In turn, Wilson dropped the ball in between the coverage, and Tate walked into the end zone untouched for a 41-yard score. All around it was a beautiful throw and catch. Kudos to Tate, because without a precise route, this play never happens.
For a guy who is less than six feet tall, Tate sure does know how to contort his body and make acrobatic catches. His ability to go the extra mile to come down with the ball has been something he has excelled at since his days at John Paul II High School.
This next play came during Seattle’s Week 6 contest against New England.
Again, Tate was split out wide at right wide receiver. The Patriots defense rushed five and dropped six off into coverage. Pro Bowl corner Devin McCourty had primary coverage on Tate as he was playing left cornerback.
Tate’s pattern was a simple 9-route. His main objective was to blow past the corner and get behind the safety. A successful play-action fake from Wilson froze the secondary for a split second. This allowed Tate to garner good position between McCourty and Sterling Moore.
Even though the ball was a bit underthrown, Tate did a great job of looking the ball in and boxing McCourty out. His concentration and awareness of his surroundings helped put him in the correct position.
As you can see above, Tate went up and snagged the ball at its highest point. The play resulted in a 51-yard gain, thanks in large part to his incredible body control and 35-inch vertical leap.
When one takes the time to watch Tate, one of the biggest things that jumps out at you is his vision after he catches the ball. His field vision is comparable to some running backs. His ability to anticipate openings and take the proper angles is easier said than done.
The best example from Tate’s 2012 campaign came when the Seahawks hosted the Vikings.
Instead of being split out wide, Tate was lined up in the slot on the right side of the formation. From 11 yards out, Seattle’s offense was hoping a bubble screen would catch Minnesota’s defense off guard allowing for an easy score.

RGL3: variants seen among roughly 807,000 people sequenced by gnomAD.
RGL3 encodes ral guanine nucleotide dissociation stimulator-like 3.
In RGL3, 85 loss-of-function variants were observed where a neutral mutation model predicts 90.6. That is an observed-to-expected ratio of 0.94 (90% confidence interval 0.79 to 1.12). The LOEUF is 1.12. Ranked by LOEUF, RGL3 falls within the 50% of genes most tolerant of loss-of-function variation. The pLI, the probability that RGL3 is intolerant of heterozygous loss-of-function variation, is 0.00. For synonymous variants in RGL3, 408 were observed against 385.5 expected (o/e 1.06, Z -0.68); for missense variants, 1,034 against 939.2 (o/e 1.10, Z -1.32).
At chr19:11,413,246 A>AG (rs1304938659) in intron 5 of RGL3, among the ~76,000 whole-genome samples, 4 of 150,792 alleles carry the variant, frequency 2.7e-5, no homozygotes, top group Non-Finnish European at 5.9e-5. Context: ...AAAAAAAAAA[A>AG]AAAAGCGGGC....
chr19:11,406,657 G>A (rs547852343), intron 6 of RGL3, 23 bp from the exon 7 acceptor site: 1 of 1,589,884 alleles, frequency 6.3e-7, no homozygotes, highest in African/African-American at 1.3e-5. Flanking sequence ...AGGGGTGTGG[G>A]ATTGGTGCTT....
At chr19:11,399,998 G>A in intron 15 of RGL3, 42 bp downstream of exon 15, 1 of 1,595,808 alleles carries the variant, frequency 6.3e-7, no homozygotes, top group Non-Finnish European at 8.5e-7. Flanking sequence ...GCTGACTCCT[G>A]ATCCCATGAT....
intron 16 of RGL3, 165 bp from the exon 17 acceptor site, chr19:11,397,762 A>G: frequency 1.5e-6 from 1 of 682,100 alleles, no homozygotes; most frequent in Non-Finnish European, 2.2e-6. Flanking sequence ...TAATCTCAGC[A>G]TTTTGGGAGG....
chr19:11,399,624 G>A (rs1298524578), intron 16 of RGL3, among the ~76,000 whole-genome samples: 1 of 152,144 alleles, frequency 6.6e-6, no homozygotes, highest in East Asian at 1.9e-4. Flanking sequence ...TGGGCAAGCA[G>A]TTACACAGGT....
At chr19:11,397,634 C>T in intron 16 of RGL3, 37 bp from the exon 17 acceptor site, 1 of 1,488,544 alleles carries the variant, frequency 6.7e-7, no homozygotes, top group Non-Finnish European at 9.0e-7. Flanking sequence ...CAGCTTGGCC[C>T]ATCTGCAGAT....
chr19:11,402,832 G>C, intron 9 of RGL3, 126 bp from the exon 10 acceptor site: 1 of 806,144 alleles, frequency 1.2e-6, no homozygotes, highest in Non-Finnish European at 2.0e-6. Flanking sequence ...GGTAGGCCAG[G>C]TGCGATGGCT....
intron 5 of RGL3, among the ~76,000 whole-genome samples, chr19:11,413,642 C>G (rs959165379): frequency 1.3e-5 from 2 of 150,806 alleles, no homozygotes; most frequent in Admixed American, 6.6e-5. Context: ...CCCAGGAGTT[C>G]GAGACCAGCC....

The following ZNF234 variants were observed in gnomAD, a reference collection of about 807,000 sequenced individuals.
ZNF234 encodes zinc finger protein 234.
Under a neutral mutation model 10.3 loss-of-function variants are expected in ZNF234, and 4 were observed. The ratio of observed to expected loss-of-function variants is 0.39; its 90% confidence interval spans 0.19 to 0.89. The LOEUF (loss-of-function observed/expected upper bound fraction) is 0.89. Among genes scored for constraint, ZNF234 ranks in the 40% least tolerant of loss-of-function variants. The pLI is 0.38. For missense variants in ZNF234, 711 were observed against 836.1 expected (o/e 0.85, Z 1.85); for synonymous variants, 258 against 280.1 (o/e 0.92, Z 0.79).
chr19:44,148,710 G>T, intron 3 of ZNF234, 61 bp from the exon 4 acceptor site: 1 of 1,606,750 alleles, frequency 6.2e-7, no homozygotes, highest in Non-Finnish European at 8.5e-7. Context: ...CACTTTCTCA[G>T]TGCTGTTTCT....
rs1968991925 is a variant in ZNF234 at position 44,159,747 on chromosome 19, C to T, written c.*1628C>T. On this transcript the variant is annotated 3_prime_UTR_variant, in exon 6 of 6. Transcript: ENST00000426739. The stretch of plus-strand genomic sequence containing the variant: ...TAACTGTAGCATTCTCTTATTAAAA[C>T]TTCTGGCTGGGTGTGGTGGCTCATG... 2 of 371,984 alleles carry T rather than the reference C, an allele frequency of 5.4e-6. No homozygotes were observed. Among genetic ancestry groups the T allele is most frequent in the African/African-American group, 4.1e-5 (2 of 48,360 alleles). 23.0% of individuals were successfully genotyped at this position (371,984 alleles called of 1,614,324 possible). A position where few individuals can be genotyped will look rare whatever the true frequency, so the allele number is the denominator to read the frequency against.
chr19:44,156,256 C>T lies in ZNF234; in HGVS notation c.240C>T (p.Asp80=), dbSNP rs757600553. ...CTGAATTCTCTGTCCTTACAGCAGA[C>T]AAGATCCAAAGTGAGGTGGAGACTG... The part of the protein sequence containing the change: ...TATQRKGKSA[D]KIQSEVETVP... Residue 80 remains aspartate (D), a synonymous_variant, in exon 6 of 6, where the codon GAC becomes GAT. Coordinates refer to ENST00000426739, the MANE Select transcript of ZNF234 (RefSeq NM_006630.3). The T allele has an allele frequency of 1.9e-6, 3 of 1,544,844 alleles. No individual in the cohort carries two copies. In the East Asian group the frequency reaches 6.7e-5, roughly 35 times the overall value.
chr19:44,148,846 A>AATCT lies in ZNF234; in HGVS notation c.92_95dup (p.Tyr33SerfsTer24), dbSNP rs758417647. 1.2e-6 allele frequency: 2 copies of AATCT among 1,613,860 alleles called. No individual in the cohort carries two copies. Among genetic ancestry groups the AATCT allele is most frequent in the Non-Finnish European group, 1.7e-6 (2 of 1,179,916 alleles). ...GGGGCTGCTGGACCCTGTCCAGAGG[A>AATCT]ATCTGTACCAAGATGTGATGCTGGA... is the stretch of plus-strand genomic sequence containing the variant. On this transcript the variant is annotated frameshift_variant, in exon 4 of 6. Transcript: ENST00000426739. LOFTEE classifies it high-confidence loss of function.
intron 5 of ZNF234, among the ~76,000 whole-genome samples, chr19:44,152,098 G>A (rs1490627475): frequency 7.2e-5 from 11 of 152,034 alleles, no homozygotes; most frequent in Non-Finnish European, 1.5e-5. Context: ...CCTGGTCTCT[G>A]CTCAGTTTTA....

The quick hitter did catch the defense napping, yet the fun didn’t start until Tate hauled in the pass. As soon as the ball was in his hands, he had a decision to make. He had to either make a push and try to score along the sideline, or cut it back up inside and make a couple defenders miss.
Tate decides to try to suck defenders in by running straight up field until the last possible second. Coincidentally enough, it works. Tate then chooses the inside path toward the middle of the field. In the process of making three players miss, he kept his head up and found the end zone for his fifth touchdown of the season.
Being able to foresee the opposition’s next move is such a huge advantage. Tate’s skill to do so goes hand in hand with his high yards after the catch average.
There's no question Tate not only has the talent to break out, but he has the dexterity to move up the ranks and become one of the NFL’s 10 best receivers. Shoot, he wasn’t that far off last year. Pro Football Focus (subscription required) graded him out as the 16th-best wideout in the league after the playoffs ended.
To move inside the top 10, Tate will have to improve upon his three strengths and evolve into a more consistent player. He had too many games where he caught two or fewer passes. He even had a game (Week 7) where he didn’t catch a single pass.
For the Seahawks’ sake, Tate is in a contract year, and he worked with Wilson all offseason to strengthen their bond on the field. A strengthened bond will lead to more points on the scoreboard and well-executed plays.
Seattle’s dream to bring home its first Lombardi Trophy is inching closer and closer after last season’s deep playoff run. They have the offense and the defense.
A breakout year from Tate would help turn that dream into a reality.
All statistics were collected from Pro Football Focus.